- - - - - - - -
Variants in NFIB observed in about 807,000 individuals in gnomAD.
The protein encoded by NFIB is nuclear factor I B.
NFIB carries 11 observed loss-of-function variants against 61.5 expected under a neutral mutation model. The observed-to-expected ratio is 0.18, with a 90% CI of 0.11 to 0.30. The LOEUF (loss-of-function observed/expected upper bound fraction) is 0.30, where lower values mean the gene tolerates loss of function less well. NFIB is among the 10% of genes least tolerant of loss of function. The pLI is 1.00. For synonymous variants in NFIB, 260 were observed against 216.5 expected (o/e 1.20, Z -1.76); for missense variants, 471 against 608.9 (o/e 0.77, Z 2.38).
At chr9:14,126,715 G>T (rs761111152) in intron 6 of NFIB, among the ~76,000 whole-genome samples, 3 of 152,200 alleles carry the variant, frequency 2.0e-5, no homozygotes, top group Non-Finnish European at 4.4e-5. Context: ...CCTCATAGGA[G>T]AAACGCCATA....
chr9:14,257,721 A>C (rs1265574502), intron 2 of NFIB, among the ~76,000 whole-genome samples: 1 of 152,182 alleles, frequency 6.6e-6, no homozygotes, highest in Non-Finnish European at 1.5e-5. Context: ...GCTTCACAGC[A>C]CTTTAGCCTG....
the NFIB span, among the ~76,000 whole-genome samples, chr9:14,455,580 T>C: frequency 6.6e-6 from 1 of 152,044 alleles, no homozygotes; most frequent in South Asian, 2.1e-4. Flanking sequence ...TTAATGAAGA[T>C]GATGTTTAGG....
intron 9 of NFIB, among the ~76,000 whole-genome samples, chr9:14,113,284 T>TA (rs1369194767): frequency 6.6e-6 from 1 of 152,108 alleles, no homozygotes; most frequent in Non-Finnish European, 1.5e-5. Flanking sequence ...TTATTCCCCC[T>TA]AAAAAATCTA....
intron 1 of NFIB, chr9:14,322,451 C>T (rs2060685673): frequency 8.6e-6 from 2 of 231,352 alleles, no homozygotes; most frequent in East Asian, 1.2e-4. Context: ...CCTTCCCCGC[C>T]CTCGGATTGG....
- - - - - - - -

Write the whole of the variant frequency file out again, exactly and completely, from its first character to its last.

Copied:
Variants in NFIB observed in about 807,000 individuals in gnomAD.
The protein encoded by NFIB is nuclear factor I B.
NFIB carries 11 observed loss-of-function variants against 61.5 expected under a neutral mutation model. The observed-to-expected ratio is 0.18, with a 90% CI of 0.11 to 0.30. The LOEUF (loss-of-function observed/expected upper bound fraction) is 0.30, where lower values mean the gene tolerates loss of function less well. NFIB is among the 10% of genes least tolerant of loss of function. The pLI is 1.00. For synonymous variants in NFIB, 260 were observed against 216.5 expected (o/e 1.20, Z -1.76); for missense variants, 471 against 608.9 (o/e 0.77, Z 2.38).
At chr9:14,126,715 G>T (rs761111152) in intron 6 of NFIB, among the ~76,000 whole-genome samples, 3 of 152,200 alleles carry the variant, frequency 2.0e-5, no homozygotes, top group Non-Finnish European at 4.4e-5. Context: ...CCTCATAGGA[G>T]AAACGCCATA....
chr9:14,257,721 A>C (rs1265574502), intron 2 of NFIB, among the ~76,000 whole-genome samples: 1 of 152,182 alleles, frequency 6.6e-6, no homozygotes, highest in Non-Finnish European at 1.5e-5. Context: ...GCTTCACAGC[A>C]CTTTAGCCTG....
the NFIB span, among the ~76,000 whole-genome samples, chr9:14,455,580 T>C: frequency 6.6e-6 from 1 of 152,044 alleles, no homozygotes; most frequent in South Asian, 2.1e-4. Flanking sequence ...TTAATGAAGA[T>C]GATGTTTAGG....
intron 9 of NFIB, among the ~76,000 whole-genome samples, chr9:14,113,284 T>TA (rs1369194767): frequency 6.6e-6 from 1 of 152,108 alleles, no homozygotes; most frequent in Non-Finnish European, 1.5e-5. Flanking sequence ...TTATTCCCCC[T>TA]AAAAAATCTA....
intron 1 of NFIB, chr9:14,322,451 C>T (rs2060685673): frequency 8.6e-6 from 2 of 231,352 alleles, no homozygotes; most frequent in East Asian, 1.2e-4. Context: ...CCTTCCCCGC[C>T]CTCGGATTGG....